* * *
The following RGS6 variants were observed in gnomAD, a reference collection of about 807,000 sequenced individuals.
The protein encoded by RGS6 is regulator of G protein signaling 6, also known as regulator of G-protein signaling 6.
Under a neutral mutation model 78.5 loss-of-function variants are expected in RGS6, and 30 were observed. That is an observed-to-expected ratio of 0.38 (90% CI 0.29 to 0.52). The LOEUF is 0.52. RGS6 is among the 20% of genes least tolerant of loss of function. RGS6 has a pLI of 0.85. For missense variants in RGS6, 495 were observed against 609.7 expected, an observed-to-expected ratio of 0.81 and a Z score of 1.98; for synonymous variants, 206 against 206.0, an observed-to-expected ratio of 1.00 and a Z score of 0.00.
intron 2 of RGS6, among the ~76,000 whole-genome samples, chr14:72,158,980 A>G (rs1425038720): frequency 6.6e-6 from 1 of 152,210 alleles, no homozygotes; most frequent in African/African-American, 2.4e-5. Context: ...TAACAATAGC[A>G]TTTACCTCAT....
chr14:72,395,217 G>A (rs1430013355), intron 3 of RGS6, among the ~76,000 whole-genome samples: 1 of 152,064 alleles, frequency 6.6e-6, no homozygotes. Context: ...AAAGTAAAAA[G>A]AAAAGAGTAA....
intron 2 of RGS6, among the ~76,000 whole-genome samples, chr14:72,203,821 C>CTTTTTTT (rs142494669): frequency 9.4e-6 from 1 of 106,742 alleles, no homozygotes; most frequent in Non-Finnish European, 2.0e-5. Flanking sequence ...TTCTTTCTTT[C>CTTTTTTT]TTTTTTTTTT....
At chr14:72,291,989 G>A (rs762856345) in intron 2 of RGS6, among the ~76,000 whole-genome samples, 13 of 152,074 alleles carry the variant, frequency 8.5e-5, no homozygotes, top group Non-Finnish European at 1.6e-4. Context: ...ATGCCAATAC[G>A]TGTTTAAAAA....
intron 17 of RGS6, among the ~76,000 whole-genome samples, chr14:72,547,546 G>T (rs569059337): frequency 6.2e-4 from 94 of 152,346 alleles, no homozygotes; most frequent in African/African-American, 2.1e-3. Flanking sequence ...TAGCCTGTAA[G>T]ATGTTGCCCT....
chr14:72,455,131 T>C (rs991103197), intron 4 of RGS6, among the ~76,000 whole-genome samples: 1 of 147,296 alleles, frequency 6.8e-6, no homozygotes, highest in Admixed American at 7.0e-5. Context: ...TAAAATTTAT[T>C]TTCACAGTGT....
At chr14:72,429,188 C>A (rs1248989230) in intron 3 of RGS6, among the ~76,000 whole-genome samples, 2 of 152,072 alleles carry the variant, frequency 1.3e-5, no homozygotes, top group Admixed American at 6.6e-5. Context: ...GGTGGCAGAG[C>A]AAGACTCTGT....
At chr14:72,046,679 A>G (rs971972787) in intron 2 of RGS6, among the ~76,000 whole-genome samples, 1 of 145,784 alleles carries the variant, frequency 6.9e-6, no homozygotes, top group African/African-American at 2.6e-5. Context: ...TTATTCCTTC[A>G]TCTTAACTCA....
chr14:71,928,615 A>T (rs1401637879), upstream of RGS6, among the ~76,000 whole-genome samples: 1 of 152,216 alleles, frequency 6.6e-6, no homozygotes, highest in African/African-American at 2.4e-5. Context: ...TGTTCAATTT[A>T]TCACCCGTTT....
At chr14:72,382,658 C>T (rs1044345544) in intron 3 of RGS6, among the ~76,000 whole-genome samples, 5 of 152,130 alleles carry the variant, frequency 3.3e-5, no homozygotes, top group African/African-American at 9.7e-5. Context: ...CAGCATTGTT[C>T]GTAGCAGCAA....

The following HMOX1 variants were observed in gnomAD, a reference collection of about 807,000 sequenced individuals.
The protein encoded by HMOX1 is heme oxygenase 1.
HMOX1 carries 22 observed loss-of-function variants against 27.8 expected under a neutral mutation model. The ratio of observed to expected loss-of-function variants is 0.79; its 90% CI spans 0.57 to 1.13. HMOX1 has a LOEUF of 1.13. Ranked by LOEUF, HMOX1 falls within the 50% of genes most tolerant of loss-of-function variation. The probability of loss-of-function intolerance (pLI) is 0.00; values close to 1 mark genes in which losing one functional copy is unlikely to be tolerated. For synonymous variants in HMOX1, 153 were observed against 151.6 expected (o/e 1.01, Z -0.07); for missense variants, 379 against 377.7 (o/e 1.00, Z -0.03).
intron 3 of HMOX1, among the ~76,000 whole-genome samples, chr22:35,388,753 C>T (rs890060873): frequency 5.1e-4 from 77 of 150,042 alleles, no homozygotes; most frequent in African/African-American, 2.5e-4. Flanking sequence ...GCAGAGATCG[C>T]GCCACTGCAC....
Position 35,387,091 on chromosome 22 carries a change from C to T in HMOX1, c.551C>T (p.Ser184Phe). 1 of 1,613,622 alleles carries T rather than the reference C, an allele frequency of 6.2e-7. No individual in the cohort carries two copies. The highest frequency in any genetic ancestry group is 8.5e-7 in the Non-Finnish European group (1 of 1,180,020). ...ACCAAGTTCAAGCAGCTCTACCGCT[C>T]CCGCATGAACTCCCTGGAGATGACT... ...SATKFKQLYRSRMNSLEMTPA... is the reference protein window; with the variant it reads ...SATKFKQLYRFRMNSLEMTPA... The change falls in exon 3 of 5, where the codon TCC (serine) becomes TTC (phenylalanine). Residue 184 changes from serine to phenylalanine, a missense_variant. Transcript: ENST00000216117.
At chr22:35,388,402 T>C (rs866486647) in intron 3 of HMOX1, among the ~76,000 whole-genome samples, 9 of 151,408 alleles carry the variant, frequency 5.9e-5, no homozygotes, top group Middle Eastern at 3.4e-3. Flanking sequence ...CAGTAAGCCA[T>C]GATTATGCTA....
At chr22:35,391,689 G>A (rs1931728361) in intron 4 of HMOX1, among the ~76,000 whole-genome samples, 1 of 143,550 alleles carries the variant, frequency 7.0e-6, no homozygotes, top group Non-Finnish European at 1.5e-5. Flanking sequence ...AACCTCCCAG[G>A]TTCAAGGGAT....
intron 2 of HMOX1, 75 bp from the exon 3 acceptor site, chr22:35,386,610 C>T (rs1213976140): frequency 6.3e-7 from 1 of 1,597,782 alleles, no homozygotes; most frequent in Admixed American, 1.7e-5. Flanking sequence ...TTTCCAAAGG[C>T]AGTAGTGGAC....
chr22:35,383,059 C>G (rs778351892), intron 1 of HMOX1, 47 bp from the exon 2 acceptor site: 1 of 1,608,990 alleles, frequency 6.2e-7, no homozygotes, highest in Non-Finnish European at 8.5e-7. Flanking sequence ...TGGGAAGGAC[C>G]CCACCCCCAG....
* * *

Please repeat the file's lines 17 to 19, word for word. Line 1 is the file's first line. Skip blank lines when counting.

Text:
intron 3 of HMOX1, among the ~76,000 whole-genome samples, chr22:35,388,753 C>T (rs890060873): frequency 5.1e-4 from 77 of 150,042 alleles, no homozygotes; most frequent in African/African-American, 2.5e-4. Flanking sequence ...GCAGAGATCG[C>T]GCCACTGCAC....
Position 35,387,091 on chromosome 22 carries a change from C to T in HMOX1, c.551C>T (p.Ser184Phe). 1 of 1,613,622 alleles carries T rather than the reference C, an allele frequency of 6.2e-7. No individual in the cohort carries two copies. The highest frequency in any genetic ancestry group is 8.5e-7 in the Non-Finnish European group (1 of 1,180,020). ...ACCAAGTTCAAGCAGCTCTACCGCT[C>T]CCGCATGAACTCCCTGGAGATGACT... ...SATKFKQLYRSRMNSLEMTPA... is the reference protein window; with the variant it reads ...SATKFKQLYRFRMNSLEMTPA... The change falls in exon 3 of 5, where the codon TCC (serine) becomes TTC (phenylalanine). Residue 184 changes from serine to phenylalanine, a missense_variant. Transcript: ENST00000216117.
At chr22:35,388,402 T>C (rs866486647) in intron 3 of HMOX1, among the ~76,000 whole-genome samples, 9 of 151,408 alleles carry the variant, frequency 5.9e-5, no homozygotes, top group Middle Eastern at 3.4e-3. Flanking sequence ...CAGTAAGCCA[T>C]GATTATGCTA....